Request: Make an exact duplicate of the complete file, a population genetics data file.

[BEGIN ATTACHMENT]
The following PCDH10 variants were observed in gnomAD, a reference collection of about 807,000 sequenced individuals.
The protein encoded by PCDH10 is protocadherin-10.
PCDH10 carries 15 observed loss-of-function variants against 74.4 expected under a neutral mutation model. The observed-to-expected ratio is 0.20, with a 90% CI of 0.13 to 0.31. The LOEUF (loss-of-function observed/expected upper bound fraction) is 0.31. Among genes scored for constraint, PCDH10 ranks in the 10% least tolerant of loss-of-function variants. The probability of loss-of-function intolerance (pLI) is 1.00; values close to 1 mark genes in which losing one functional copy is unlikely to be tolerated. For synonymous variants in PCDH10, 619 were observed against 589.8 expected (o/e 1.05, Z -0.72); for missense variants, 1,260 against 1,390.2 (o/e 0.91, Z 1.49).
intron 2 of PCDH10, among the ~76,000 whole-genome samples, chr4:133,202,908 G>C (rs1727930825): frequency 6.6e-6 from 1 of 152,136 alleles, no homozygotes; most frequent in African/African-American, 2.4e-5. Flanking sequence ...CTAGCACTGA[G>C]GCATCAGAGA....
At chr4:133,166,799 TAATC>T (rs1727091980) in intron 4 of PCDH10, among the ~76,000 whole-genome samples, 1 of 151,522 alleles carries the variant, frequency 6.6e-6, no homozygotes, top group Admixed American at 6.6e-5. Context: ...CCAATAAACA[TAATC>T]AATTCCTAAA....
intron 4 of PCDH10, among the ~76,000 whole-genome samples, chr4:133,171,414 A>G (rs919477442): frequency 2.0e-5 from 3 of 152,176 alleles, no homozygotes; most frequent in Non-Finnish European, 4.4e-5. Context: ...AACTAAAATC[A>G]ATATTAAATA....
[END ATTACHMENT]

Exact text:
The following PCDH10 variants were observed in gnomAD, a reference collection of about 807,000 sequenced individuals.
The protein encoded by PCDH10 is protocadherin-10.
PCDH10 carries 15 observed loss-of-function variants against 74.4 expected under a neutral mutation model. The observed-to-expected ratio is 0.20, with a 90% CI of 0.13 to 0.31. The LOEUF (loss-of-function observed/expected upper bound fraction) is 0.31. Among genes scored for constraint, PCDH10 ranks in the 10% least tolerant of loss-of-function variants. The probability of loss-of-function intolerance (pLI) is 1.00; values close to 1 mark genes in which losing one functional copy is unlikely to be tolerated. For synonymous variants in PCDH10, 619 were observed against 589.8 expected (o/e 1.05, Z -0.72); for missense variants, 1,260 against 1,390.2 (o/e 0.91, Z 1.49).
intron 2 of PCDH10, among the ~76,000 whole-genome samples, chr4:133,202,908 G>C (rs1727930825): frequency 6.6e-6 from 1 of 152,136 alleles, no homozygotes; most frequent in African/African-American, 2.4e-5. Flanking sequence ...CTAGCACTGA[G>C]GCATCAGAGA....
At chr4:133,166,799 TAATC>T (rs1727091980) in intron 4 of PCDH10, among the ~76,000 whole-genome samples, 1 of 151,522 alleles carries the variant, frequency 6.6e-6, no homozygotes, top group Admixed American at 6.6e-5. Context: ...CCAATAAACA[TAATC>T]AATTCCTAAA....
intron 4 of PCDH10, among the ~76,000 whole-genome samples, chr4:133,171,414 A>G (rs919477442): frequency 2.0e-5 from 3 of 152,176 alleles, no homozygotes; most frequent in Non-Finnish European, 4.4e-5. Context: ...AACTAAAATC[A>G]ATATTAAATA....